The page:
Storage Technology Explained: SATA vs. NVMe

In the era of digital transformation, critical business and technology decisions are essentially driven by better and faster data access. Enterprise systems must meet the growing demand for resilient IoT solutions that provide real-time insights, workload consolidation and minimal latencies.  

Solid-state drives (SSDs) are a type of computer storage device. Unlike a traditional hard disk drive (HDD) that relies on a spinning platter, the SSD uses semiconductor chips to store and retrieve memory. Without any moving parts, the SSD exhibits a more rugged infrastructure and can access data much faster than an HDD. 

Image 1: HDD vs. SSD

There are two predominant methods for writing and reading data: SATA and NVMe. With a mission to increase bandwidth and reduce latencyNVMe was developed specifically for SSDs to access fast storage media. On the other hand, SATA is a well-established storage protocol for connecting SSDs, HDDs and optical drives. However, SATA SSD requires an interface controller, which can bottleneck data transfer and limit CPU performance. NVMe is much more efficient, scalable and delivers low latency storage access compared to other legacy interfaces including SATA.  

In this blog, we will explain the storage technologies: NVMe and SATA, their key differences, why NVMe is important for rugged edge computing, and how Premio is incorporating NVMe into rugged edge computing. 

What is NVMe?

NVMe, or Non-Volatile Memory Express, is a data storage protocol that connects the host to the memory subsystem via PCI Express (PCIe) bus (1). This interface specification alleviates a great amount of data bottlenecks, bringing various performance improvements including multiple command queues and reduced latency. 

NVMe Form Factor and Standards

A form factor refers to the physical dimensions of the SSD. The NVMe specification is the industry standard for PCIe solid state drives (SSDs) in all form factors, which include (2): 

  • Standard 2.5-inch U.2 drives. 
  • M.2 modules, formerly known as Next Generation Form Factor (NGFF). 
  • Add-in Card (AIC). 
  • Enterprise and Data Center SSD Form Factors (EDSFF). 

Image 2: M.2 Form Factor

Additionally, the NVMe interface has the following attributes for enterprise capabilities such as end-to-end data protection, improved error reporting, and virtualization (3)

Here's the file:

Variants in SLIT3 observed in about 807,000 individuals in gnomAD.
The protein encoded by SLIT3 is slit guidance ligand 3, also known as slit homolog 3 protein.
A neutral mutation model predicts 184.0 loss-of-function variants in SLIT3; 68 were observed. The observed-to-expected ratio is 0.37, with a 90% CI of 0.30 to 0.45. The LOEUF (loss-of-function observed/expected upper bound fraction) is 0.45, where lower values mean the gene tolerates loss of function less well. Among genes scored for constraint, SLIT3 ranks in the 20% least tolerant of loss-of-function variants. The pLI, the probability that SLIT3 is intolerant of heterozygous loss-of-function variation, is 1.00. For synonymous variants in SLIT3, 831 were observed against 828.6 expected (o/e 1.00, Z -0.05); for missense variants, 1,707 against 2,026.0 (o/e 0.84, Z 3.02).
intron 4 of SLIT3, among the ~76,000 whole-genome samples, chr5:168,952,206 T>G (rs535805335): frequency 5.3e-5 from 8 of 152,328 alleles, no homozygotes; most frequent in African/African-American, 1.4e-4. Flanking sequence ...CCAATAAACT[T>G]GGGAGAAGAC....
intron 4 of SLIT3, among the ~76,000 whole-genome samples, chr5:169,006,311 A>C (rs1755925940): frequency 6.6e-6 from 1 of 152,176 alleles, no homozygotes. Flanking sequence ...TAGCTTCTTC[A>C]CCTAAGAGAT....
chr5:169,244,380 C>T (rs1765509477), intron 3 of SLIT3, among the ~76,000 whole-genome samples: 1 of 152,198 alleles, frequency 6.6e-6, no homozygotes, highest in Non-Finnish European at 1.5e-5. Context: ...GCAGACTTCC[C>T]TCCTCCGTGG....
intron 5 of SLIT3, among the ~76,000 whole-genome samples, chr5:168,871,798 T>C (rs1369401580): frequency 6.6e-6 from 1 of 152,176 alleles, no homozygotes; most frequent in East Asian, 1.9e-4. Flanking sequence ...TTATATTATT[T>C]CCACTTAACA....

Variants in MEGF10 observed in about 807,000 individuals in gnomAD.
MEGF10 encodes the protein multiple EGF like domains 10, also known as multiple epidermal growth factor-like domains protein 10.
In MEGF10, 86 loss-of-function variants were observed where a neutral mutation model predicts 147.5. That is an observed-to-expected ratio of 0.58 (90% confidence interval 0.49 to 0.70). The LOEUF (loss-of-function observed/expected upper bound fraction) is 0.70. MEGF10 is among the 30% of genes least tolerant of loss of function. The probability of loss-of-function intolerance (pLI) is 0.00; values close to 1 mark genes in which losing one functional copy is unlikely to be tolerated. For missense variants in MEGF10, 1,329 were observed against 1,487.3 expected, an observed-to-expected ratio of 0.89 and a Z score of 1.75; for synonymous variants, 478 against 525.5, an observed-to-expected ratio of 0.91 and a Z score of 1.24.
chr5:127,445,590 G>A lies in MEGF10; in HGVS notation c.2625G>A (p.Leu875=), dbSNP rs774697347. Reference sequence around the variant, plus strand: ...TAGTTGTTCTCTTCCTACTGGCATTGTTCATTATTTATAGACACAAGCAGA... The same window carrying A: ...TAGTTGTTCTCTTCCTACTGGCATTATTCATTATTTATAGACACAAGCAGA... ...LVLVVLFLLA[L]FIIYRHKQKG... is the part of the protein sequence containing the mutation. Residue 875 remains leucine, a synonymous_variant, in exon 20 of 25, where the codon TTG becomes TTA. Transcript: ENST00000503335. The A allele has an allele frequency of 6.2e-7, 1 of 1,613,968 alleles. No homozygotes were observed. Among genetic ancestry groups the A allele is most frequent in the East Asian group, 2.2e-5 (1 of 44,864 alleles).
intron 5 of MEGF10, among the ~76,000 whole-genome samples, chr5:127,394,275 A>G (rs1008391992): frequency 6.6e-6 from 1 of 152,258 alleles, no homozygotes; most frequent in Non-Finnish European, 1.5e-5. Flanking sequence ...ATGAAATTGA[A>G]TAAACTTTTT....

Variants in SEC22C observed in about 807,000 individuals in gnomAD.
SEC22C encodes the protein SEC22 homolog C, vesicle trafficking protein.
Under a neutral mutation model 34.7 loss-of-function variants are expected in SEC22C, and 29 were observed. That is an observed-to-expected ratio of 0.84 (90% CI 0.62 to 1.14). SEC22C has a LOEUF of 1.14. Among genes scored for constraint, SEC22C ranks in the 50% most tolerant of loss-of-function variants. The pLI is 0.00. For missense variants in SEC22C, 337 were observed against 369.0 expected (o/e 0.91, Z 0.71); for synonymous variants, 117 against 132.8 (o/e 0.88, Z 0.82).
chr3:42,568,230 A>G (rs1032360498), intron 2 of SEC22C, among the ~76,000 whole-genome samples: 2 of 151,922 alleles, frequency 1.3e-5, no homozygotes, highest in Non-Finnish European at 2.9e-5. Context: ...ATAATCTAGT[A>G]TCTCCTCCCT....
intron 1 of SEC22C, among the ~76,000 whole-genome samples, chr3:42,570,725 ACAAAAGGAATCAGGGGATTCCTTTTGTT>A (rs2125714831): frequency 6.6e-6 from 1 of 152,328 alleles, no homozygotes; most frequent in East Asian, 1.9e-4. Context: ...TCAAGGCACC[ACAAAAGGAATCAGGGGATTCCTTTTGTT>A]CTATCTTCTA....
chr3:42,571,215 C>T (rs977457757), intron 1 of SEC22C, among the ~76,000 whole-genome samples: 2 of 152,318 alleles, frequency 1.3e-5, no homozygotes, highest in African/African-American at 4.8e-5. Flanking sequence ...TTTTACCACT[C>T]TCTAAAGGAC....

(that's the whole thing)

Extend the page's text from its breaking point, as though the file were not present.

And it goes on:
• Priority associated with each I/O Queue with well-defined arbitration mechanism. 
  • Efficient and streamlined command set.  
  • Support for multiple namespaces. 
  • Efficient support for I/O virtualization architectures. 
  • Support for multi-path I/O and namespace sharing. 

For more information on features of NVMe interface, read the NVMe 1.4a Specification from   

What is SATA?

SATA, or Serial ATA, is a well-established protocol for connecting SSDs, HDDs and optical drives. Since its launch in 2000, the standard has undergone several performance-enhancing revisions. For instance, SATA I can transfer data at a rate of up to 150 MB/s, while SATA III can hit the speeds of up to 600 MB/s 

Nevertheless, SATA SSD requires an interface controller, which can bottleneck data transfer and limit CPU performance. Specifically, SATA uses the Advanced Host Controller Interface (AHCI), which contains a single queue block I/O layer that sends data from the host to the SSD. Figure 1 below compares the type of block I/O layer that supports SATA and NVMe SSDs in the host. 

Figure 1: Type of Block I/O Layer (4)

As Figure 1 shows, the key difference between the AHCI and NVMe interface controller is the type of block I/O layer. The AHCI features a single-queue I/O block layer (Figure 1a), meaning that all I/O requests from tasks running on each CPU core were handled via a single request queue. This fundamentally causes bottleneck as the single queue could not sufficiently exploit the full potentiality of storages. On the other hand, the NVMe utilizes a multi-queue block I/O layer, which significantly improves scalability. To reduce latency, the multi-queue block I/O layer employs two levels of queues (Figure 1b): Software queues (SWQs) and hardware queues (HWQs). Tasks running on any CPU core can be sent to the corresponding SWQ mapped to the core, thus eliminating the latency attributed to CPU cores competing for a single request queue. In sum, NVMe SSD has a highly scalable architecture that fully utilizes the internal parallelism of SSDsthus alleviating problems associated with performance bottleneck.